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Incarnational Approaches to the Japanese People using House Church Strategies

Mitsuo Fukuda : Rethinking Authentic Christianity Network「RAC Network」

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3. The House church

As Banks stated, "Not until the third century do we have evidence of special buildings being constructed for Christian gatherings." (Banks, 1994: 41). Church historians estimate that the number of members of New Testament house churches rarely reached more than 15 or 20 people. This is why Simson suggests that there is a '20-person barrier" to overcome. He explains, "In many cultures 20 is a maximum number where people still feel 'family', organic and informal, without the need to get formal or organized (Simson, 2001: 17).

 

The average size of the Sunday worship attendance in Japan is 34-35 people (Church Information Service, 1997). Many Japanese Christians think that their churches are too small and look to mega churches oversees as models. But our model as well as more important principles should be drawn from the New Testament. In reality, the problem of most churches in Japan is not that they are too small, but that they are already too big. As a result, Japanese churches have lost their attractiveness. They are not spontaneous or lively, but like a boring classroom, they are mostly irrelevant to the reality of peoples' lives (see Yamamori, 1974).

 

If the church is small enough to maintain the dynamics of a family of God whose headship is Christ, the Holy Spirit will lead the members to apply the essence of Christian truth appropriately to the cultural environment of each house church. There should be no need to introduce structures in other places nor any need for a central administrative authority to make uniform the diversity of the churches (see Allen, 1992: 131).If the church is small enough to maintain the dynamics of a family of God whose headship is Christ, the Holy Spirit will lead the members to apply the essence of Christian truth appropriately to the cultural environment of each house church. There should be no need to introduce structures in other places nor any need for a central administrative authority to make uniform the diversity of the churches (see Allen, 1992: 131).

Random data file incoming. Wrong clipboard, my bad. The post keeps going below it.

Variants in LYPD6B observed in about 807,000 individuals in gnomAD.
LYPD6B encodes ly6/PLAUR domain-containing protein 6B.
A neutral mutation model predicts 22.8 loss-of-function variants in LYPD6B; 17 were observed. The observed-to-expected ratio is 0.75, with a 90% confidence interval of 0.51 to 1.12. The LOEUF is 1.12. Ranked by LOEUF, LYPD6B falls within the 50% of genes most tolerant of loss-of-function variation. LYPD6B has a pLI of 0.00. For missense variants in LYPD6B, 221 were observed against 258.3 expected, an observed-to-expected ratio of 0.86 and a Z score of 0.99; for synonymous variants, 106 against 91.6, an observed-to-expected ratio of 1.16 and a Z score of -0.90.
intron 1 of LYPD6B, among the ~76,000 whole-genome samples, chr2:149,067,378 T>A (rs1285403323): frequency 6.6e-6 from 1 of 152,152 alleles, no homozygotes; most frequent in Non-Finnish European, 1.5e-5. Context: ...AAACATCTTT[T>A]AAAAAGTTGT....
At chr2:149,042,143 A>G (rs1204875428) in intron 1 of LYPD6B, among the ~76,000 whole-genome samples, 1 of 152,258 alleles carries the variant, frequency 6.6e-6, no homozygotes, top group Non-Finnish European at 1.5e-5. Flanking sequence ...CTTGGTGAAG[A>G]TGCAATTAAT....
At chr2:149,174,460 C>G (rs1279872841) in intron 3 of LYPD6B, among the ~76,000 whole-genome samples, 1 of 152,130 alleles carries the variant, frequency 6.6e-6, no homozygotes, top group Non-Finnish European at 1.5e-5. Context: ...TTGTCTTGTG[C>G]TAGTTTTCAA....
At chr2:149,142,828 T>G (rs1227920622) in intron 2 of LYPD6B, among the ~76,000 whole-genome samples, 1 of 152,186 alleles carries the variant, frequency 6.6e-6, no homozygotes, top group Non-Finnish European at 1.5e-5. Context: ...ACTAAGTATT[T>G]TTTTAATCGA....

Dean S. Gilliland believes that this contextual aspect is part of the reason Paul's churches survived under immense pressure, growing in each place and multiplying among the unevangelized. Gilliland stated, "Christianity was vibrant and alive because each local church found its own expression of the Christian life while at the same time it was joined in faith and truth to all other congregations that were also under Christ's lordship" (Gilliland, 1983:209). It is easy to imagine that in these scattered small churches people would have shared their similar lives, related naturally with each other, and met the special needs emerging from the common socio-cultural context.

 

A house church seems to have several advantages in terms of contextualization. One advantage is that while the context of the traditional church exists in the relatively artificial environment of the so-called three "sacred Ps": sacred programs run by sacred people in a sacred place, the house church emerges and is centered in the context of daily life. The second advantage is that it is small enough to be flexible to adapt to its local culture. The third advantage is that it has a flat leadership structure, where the various cultural forms can be employed easily through open discussion. The expansion of the house church movement would likely reveal various contextualized church forms in Japan.